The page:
PRINCETON — North Gibson school trustees committed about $250,000 in new spending for teacher and support staff pay increases Thursday night.
The school board adopted a tentative agreement with the North Gibson Education Association that provides 2 percent pay increases on the salary base of certified teaching staff, plus a one-time 1 percent stipend for teachers who are rated by the state-mandated model as highly effective or effective.
Superintendent Brian Harmon said the state will also award teacher appreciation grants of approximately 1 percent to teachers rated effective or highly effective. Teachers with the highest rating get 25 percent more of the state grant stipend than teachers who are rated effective, he explained.
The new contract, which is retroactive to the beginning of the school year, also includes provisions for a licensed career specialist on staff, and creates stipends for a sixth grade girls volleyball coach, two middle school LEGO robotics team sponsors and stipends for teachers who are certified for dual credit courses (curriculum that counts as college credit).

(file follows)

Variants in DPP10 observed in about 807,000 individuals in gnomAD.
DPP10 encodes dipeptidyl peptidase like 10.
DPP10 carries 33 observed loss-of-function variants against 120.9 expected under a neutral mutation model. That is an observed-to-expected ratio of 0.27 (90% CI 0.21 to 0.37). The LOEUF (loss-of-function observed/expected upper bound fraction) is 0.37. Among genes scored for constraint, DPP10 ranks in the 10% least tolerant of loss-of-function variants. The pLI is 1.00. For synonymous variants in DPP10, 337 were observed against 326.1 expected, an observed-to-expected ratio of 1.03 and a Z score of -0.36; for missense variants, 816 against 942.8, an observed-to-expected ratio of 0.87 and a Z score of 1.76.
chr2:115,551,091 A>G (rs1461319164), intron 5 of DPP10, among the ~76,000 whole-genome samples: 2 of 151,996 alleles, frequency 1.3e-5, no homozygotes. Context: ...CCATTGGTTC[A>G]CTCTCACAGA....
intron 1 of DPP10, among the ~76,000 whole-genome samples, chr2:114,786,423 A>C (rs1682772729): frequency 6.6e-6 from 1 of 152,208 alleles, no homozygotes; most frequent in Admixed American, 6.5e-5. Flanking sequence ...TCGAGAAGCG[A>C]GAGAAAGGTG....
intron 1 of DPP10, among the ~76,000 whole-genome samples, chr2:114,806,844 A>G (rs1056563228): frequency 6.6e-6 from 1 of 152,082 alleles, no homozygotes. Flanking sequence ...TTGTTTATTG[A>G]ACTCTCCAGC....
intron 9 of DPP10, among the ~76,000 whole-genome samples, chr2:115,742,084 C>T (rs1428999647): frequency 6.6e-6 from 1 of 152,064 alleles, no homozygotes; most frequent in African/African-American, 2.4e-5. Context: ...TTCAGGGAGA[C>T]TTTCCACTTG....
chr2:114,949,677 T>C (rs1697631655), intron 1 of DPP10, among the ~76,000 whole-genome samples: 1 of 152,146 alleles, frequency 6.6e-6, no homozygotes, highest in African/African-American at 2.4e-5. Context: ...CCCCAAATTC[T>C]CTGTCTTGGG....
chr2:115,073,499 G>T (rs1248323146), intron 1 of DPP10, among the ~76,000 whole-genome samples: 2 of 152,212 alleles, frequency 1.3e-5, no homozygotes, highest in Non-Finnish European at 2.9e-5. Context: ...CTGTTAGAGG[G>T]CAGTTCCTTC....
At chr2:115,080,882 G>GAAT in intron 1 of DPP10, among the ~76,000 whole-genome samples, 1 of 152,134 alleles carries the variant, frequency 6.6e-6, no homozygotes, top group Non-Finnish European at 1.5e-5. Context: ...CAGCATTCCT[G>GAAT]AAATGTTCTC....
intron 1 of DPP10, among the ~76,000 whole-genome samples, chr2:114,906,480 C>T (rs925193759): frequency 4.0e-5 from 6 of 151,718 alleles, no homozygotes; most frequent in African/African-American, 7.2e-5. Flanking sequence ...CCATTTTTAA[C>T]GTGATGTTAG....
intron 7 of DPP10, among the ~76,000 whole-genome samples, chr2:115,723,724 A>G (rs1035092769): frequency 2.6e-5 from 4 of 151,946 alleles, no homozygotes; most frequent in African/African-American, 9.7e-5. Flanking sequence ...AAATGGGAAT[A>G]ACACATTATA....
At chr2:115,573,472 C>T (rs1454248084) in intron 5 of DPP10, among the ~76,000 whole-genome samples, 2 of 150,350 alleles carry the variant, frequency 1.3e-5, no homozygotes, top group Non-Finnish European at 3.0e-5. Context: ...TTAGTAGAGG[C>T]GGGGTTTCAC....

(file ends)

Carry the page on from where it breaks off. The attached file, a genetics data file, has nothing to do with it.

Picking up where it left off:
School board members also approved 2 percent increases to the hourly or salary base of all non-certified staff, plus a 2 percent one-time stipend for those employees. Harmon said that the non-certified staff does not get the grant awards made by the state, and noted that the teachers union supported the higher stipend for non-certified staff.
The board approved a 2 percent increase to the base salary of administrative staff, and a 1 percent one-time stipend. Administrative staff will not receive the state grant, Harmon confirmed.
The superintendent reported there's no increase in health insurance cost to employees this year.
Pay increases are retroactive to the beginning of the school year for non-certified staff as well.
Harmon said North Gibson's annual payroll for all staff, including benefits, is $13.5 million.
Thursday's special meeting was called to approve the teachers union contract prior to the state-mandated Nov. 15 deadline.
At the conclusion of the special session, school board president Mark Iunghuhn said the board will likely have paperwork to approve regarding the disposition of the former Franklin School property. The school building, which has been leased by Gibson County for decades, has been closed for several years and is on the market for sale, as well as the former middle school property on State Street.